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7

It depends on the teacher, but generally the answer is no, it's not disrespectful. The best teachers I've ever known had no problems with students training under other teachers. Many, if not most, even encouraged it. That said, you should ask your instructor first before doing anything. Maybe phrase it like this: "Hey, I'm thinking of taking classes under ...


6

When I was doing Doce Pares Escrima several years ago, I ran into the same problem. I used cloth athletic/medical tape to cover up the blistered areas to give them a chance to heal and at one point, when I found that it was a particular part of the stick rubbing up against my hand (an area where the lacquer had gotten roughed up from impact, actually), I put ...


6

Blisters can happen initially. I think it happens to everyone new to stick fighting. It's nothing to be too worried about. It probably just means you were over-eager in your training and went too hard or too long. No big deal. It can also happen if you don't train regularly. Like if you just go once a week, your hand never gets used to it, so you get ...


3

I have heard the terms "yantok," "rattan," and "baston" used in Eskrima. "Yantok" is just the Tagalog word for rattan (the most common material for Filipino fighting sticks), while "baston" means "cane." So the words are simple descriptions; "stick" seems an analogous term in idiomatic English. There are at least two dozen languages spoken in the ...


3

They can be called 'kali sticks', 'arnis sticks', 'baston', etc. Just insert arnis style sticks is ok. Or even just 'arnis'. There's diff. styles of arnis and the term depends on which style you're referring too. There are also diff. material for the sticks themselves. People usually just get whatever you refer to :)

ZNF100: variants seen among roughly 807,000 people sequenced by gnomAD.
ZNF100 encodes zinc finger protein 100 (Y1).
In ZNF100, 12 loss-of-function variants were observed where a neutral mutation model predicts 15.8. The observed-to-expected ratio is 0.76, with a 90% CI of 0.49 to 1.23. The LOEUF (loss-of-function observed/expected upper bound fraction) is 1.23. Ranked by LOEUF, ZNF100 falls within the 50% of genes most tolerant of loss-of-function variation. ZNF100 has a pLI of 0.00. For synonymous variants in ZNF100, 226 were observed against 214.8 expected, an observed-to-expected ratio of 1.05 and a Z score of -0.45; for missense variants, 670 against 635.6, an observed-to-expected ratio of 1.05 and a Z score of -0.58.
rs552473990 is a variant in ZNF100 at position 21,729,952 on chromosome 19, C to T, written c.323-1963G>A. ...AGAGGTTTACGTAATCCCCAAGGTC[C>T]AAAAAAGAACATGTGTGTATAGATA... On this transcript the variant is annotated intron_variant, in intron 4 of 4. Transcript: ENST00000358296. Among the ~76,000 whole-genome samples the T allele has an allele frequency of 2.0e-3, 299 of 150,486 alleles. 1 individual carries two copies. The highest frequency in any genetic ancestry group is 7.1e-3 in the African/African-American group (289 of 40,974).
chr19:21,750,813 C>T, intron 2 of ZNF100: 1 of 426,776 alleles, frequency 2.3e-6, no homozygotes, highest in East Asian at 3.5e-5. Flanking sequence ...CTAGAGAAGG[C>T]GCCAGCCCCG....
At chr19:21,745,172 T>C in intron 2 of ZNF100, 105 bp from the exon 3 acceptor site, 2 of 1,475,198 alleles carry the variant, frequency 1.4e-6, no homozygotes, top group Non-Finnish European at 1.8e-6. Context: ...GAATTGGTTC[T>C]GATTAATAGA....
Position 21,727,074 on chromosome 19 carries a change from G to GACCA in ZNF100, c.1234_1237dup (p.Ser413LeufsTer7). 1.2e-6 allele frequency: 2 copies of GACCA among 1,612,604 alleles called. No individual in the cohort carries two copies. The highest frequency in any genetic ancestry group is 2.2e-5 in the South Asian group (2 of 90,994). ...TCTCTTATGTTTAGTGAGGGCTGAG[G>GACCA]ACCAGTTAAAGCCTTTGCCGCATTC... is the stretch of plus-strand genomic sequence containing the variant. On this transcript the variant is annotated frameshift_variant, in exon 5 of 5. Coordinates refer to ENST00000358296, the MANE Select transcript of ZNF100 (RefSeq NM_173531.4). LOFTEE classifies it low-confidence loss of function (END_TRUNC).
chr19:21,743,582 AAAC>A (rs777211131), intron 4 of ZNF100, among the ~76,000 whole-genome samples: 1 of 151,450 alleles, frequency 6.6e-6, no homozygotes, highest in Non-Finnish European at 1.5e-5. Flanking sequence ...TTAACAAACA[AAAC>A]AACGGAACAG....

2

When I was doing Doce Pares escrima in California about 10 years ago, my instructor taught it to us as knife-hand strikes for 1-4, straight fist punches for 5-10, a hammer-fist blow for 11, and either a punch or a two-finger poke for 12. 7 and 8 were outliers in that the movement was different with it being a straight strike rather than a looping one. He ...


2

In my province in Cebu, located in central Philippines, we refer the arnis/kali/eskrima stick as "OLISI" or "GAROTE." All cebuano eskrimadors young and old alike (the old school) use the terms above. I hope this will satisfy your queries.


1

Filipinos without FMA knowledge usually call it "yantok" or "arnis" (with a stress on the "-tok"), but FMA practitioners would just call it arnis, yantok, stick, kali stick, baston, or (insert FMA style here) stick.


1

FMA terminology Baston is one name for stick. There are others. This Wikipedia Article states that Garrote (spanish meaning "club") is sometimes used.


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